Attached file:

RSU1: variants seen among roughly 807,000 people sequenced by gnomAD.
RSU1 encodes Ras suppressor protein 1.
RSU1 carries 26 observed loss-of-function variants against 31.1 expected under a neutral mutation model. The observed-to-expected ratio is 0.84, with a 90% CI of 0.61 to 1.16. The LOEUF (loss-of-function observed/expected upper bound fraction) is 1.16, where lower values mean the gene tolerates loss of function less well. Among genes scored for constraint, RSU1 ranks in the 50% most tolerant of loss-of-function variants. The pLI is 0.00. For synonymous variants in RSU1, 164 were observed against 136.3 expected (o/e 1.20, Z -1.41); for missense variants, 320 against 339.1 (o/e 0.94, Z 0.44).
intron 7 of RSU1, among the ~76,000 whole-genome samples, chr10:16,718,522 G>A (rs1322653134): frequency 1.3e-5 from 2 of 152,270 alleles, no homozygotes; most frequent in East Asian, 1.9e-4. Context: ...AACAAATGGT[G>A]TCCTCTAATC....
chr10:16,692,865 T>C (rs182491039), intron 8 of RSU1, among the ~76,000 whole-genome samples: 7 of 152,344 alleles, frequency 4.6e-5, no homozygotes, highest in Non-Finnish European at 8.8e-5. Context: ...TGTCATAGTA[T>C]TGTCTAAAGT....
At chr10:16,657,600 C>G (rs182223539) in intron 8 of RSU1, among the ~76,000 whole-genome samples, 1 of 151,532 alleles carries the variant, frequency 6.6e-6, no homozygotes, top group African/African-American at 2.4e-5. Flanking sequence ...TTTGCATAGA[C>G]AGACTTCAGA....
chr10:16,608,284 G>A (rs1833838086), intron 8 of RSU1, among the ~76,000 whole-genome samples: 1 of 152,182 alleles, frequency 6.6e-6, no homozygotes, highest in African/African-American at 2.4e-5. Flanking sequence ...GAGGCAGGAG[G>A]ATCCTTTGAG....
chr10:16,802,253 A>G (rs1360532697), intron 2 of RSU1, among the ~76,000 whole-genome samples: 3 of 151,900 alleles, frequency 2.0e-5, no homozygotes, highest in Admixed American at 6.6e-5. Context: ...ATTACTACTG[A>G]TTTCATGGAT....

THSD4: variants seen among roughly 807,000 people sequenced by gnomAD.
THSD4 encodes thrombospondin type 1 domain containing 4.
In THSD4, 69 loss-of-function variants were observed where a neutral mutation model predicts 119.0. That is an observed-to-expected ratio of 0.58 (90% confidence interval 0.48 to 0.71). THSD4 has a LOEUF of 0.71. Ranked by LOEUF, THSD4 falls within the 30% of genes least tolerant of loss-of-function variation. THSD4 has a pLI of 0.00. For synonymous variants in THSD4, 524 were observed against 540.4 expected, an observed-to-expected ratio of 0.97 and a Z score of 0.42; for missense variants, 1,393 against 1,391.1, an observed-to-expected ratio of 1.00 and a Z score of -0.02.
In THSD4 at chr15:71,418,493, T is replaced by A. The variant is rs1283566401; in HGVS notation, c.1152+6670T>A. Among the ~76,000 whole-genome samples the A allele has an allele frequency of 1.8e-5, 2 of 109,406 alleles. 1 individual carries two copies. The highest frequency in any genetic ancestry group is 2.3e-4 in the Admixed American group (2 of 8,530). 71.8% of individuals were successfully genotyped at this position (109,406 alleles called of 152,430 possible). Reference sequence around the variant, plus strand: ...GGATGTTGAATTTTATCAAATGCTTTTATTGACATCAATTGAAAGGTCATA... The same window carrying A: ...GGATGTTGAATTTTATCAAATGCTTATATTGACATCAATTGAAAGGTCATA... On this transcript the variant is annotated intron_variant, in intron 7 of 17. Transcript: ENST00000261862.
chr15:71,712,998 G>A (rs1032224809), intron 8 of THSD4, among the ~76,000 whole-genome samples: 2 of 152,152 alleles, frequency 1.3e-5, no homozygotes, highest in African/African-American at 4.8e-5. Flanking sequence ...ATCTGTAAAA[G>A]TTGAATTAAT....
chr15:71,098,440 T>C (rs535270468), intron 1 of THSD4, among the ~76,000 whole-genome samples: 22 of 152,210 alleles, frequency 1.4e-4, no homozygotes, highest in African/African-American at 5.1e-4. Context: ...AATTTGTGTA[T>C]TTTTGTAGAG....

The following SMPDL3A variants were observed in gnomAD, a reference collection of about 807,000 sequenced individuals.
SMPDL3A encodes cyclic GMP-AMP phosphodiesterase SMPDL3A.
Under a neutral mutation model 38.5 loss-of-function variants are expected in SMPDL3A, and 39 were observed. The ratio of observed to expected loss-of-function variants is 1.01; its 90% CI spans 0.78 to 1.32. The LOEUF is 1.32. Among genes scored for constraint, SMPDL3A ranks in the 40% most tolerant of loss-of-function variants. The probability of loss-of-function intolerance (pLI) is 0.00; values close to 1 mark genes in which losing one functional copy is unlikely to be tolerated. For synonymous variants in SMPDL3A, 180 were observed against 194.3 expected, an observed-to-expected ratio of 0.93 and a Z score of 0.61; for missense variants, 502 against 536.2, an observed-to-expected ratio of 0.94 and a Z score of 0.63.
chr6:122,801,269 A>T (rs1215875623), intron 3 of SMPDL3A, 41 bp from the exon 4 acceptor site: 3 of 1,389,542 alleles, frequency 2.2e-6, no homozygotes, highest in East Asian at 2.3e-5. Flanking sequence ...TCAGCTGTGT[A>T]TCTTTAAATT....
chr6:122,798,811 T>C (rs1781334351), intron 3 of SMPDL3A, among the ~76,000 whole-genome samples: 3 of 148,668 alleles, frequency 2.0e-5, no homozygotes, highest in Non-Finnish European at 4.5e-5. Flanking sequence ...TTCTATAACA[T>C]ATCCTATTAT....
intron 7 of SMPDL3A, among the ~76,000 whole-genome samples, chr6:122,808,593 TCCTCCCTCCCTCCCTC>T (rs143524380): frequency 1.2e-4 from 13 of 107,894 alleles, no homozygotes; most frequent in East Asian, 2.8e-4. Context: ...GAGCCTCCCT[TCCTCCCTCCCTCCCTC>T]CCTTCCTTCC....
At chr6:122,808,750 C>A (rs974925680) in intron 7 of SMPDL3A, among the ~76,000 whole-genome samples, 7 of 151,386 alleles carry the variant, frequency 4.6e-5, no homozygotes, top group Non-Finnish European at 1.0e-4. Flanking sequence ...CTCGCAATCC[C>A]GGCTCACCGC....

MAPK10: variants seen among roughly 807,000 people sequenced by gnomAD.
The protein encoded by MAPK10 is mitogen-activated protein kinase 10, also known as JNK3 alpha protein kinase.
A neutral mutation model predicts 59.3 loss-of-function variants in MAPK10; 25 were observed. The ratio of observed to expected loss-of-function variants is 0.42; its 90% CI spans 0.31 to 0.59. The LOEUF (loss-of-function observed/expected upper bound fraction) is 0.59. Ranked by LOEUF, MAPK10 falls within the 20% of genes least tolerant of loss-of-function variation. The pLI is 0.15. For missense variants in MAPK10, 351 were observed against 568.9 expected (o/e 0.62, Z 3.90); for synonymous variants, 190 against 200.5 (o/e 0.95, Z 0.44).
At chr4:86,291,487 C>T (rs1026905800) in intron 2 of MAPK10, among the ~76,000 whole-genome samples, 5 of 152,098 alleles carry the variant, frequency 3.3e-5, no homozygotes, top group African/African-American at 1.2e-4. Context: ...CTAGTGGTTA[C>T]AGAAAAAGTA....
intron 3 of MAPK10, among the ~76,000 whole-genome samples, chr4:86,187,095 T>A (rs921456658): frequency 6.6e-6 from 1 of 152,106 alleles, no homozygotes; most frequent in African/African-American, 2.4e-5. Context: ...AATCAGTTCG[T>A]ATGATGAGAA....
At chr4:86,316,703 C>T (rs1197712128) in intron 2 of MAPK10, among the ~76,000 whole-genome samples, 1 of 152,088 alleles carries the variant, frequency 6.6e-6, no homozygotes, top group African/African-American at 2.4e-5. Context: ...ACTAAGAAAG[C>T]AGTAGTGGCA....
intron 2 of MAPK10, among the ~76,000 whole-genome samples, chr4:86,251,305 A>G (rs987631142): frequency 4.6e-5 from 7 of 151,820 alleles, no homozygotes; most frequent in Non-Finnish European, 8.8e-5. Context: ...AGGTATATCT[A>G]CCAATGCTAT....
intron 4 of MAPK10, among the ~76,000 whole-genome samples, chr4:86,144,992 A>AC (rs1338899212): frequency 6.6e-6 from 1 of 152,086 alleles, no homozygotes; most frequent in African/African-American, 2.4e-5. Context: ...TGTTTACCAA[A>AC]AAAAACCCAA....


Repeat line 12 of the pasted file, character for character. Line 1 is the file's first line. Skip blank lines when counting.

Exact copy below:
In THSD4 at chr15:71,418,493, T is replaced by A. The variant is rs1283566401; in HGVS notation, c.1152+6670T>A. Among the ~76,000 whole-genome samples the A allele has an allele frequency of 1.8e-5, 2 of 109,406 alleles. 1 individual carries two copies. The highest frequency in any genetic ancestry group is 2.3e-4 in the Admixed American group (2 of 8,530). 71.8% of individuals were successfully genotyped at this position (109,406 alleles called of 152,430 possible). Reference sequence around the variant, plus strand: ...GGATGTTGAATTTTATCAAATGCTTTTATTGACATCAATTGAAAGGTCATA... The same window carrying A: ...GGATGTTGAATTTTATCAAATGCTTATATTGACATCAATTGAAAGGTCATA... On this transcript the variant is annotated intron_variant, in intron 7 of 17. Transcript: ENST00000261862.